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    Pre-Mayday Roundup of Anti-Gentrification Actions on the West Coast

    We’re the ones getting battered around by economic weather systems, sometimes it makes sense to board our windows, as it were.

    Over the weekend, anarchists blocked several Uber cars in downtown Seattle. “Destroy Uber” is a site that claims to have organized the protest, and explains in detail why they think you should boycott the new company that has recently disrupted the taxi industry.

    In light of this news, and looking toward the presumed anti-capitalist May Day actions that have traditionally occurred on the first of May, we thought we’d provide a quick prologue – a round-up of some of the most fascinating anti-gentrification stories from the West Coast.

    But first, a little context

    If you read the news and stuff, you probably know that the Bay Area has been going to hell. Rent has risen nearly 10% per year and is currently at record levels. Homelessness and other displacement is soaring as San Francisco and Oakland continue to gentrify rapidly. In the last decade, thousands of families have been evicted from their homes under the Ellis Act alone.

    There’s a lot to be upset about if you live in San Francisco. Over the past six months, there have been almost weekly anti-eviction protests and attacks against institutions of the tech industry and related individuals and infrastructure. Many of the protests are drawing attention to the correlation of the life decisions of the growing class of wealthy tech workers to the marginalization and impoverishment of the area’s poor. The city of Oakland and the city of San Francisco are also accused of complacency with these transformations, by permitting tech buses to stop for free where others get citations, creating a surveillance network throughout Oakland, and allowing tech companies to avoid taxes.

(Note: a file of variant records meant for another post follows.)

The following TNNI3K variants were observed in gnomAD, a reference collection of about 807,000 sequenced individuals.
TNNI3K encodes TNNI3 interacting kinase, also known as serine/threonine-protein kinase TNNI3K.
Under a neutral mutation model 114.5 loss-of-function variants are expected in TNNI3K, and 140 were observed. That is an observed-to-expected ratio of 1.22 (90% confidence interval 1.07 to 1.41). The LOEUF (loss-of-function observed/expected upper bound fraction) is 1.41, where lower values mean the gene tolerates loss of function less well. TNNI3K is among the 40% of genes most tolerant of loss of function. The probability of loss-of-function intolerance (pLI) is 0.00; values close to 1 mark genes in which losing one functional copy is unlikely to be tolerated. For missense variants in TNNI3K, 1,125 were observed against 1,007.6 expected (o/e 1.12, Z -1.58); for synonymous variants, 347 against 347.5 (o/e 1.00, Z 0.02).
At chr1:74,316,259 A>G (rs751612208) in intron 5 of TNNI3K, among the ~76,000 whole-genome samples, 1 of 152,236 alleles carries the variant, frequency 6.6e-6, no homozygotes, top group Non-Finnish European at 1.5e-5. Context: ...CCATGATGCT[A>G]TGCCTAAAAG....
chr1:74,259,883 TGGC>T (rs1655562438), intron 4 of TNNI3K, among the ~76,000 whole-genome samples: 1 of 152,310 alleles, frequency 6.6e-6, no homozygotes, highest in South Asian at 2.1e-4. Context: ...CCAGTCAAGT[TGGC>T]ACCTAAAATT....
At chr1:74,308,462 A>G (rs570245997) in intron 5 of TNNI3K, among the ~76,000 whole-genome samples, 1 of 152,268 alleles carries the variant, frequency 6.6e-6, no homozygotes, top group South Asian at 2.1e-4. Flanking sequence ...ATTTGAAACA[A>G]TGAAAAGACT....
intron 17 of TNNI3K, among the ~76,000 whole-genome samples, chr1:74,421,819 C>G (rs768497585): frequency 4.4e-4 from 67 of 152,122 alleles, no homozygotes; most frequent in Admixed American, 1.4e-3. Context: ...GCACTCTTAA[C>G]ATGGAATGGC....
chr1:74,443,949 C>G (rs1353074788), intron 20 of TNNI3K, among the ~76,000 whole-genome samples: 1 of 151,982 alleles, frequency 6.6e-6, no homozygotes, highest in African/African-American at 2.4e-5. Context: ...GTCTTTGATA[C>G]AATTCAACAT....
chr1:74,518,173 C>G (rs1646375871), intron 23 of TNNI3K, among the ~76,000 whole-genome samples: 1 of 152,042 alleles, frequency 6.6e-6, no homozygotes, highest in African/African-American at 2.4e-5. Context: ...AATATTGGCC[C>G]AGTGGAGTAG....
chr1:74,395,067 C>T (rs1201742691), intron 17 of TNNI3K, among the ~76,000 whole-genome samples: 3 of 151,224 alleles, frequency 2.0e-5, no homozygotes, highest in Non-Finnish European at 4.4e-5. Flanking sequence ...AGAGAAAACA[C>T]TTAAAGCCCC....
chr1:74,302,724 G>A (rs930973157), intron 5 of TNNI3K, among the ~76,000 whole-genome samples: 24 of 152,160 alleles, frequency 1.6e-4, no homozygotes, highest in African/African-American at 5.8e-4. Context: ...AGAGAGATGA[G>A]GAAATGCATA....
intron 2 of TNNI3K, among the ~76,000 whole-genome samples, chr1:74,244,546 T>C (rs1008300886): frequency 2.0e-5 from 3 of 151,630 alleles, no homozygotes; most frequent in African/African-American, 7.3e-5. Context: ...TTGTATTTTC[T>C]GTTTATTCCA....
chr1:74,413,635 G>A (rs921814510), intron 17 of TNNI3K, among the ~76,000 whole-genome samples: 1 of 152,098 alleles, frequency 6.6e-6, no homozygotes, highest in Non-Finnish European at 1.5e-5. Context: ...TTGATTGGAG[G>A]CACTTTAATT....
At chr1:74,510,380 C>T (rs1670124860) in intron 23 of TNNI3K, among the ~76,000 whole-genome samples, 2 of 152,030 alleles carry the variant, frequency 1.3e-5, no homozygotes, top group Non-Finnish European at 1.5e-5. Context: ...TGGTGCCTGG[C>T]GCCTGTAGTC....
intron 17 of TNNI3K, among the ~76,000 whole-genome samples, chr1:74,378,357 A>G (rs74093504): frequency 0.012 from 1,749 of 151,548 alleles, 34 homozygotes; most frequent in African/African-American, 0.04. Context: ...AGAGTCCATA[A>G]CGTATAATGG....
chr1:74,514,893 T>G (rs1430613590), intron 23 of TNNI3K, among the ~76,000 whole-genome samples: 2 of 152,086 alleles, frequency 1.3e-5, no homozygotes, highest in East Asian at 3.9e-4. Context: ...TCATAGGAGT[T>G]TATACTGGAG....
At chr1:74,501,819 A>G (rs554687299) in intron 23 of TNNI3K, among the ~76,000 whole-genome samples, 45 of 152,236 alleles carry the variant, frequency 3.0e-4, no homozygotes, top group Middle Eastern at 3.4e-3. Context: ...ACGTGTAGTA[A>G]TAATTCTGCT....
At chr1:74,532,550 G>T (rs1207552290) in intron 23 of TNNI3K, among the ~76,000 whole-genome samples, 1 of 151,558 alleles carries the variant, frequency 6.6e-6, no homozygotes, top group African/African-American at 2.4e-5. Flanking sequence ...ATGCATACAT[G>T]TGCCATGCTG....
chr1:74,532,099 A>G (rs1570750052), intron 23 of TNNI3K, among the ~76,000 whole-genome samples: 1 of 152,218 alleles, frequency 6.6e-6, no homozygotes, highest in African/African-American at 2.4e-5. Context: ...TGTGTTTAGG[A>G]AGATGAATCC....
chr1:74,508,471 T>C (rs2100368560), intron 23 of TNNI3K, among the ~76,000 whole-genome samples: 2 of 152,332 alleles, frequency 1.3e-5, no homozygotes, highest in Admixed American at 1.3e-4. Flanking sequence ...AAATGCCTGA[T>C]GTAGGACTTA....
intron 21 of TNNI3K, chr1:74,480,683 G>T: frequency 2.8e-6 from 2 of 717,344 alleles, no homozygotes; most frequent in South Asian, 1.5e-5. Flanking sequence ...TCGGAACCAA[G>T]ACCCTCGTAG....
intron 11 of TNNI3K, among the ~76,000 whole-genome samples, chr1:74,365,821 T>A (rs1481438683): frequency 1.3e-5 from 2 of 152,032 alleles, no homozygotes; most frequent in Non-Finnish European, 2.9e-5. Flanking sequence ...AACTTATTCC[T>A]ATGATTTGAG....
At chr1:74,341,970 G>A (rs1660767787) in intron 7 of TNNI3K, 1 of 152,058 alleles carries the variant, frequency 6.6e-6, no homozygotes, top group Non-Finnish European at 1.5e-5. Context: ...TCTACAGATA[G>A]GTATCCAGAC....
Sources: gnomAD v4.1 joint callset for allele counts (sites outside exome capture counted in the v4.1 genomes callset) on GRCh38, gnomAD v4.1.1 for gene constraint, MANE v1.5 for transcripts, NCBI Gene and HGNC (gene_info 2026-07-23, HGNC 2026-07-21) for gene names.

Without further ado:

    In early December, a Google bus was blocked in San Francisco’s Mission District.

    Later that month, Google and Apple buses were stopped and vandalized.

    By the end of January, protesters began targeting employees themselves when they picketed the home of Anthony Levandowski, a Google engineer working on the self-driving car.

    In early February, a protest outside the annual TechCrunch awards held it down to criticize tech companies for contributing to evictions.

    In late February, tech writer Sarah Slocum was de-Glassed at the notably-named Molotov’s Bar in San Francisco’s Mission District.

    On April 2, protesters vomited on a Yahoo! bus during a blockade.

    On the first weekend of April, a bunch of smart cars were flipped over.

    On April 6, 2014, a group called The Counterforce organized a protest outside the house of Digg founder and Google Ventures partner Kevin Rose.

    On April 11, a property owned by Jack Halprin, a lawyer working for Google, was the scene of a protest after he evicted seven tenants.

    On April 11, reporter Kyle Russel was de-Glassed after reporting on the Halprin protest.

    On April 23, The Counterforce formed a blockade in front of a Microsoft shuttle in Seattle, WA.

    Last Saturday, April 26, Uber vehicles were blocked in Seattle, WA.

    Mainstream news and industry websites have largely condemned these attacks. It’s hard to imagine that anyone would be surprised that skyrocketing rent, widespread evictions, and increasingly segregated cities could produce anything other than retaliation. This is what advanced capitalism looks like, and you can bet it’ll get more intense before things go quiet.

    To keep up with news of opposition to the tech industry’s effects on poor neighborhoods, we suggest you check out Fireworks, Defend the Bay Area, Indybay. On Twitter, follow Pink Edge, Mary Mad, Doug Lyfe, and Cindy Milstein.

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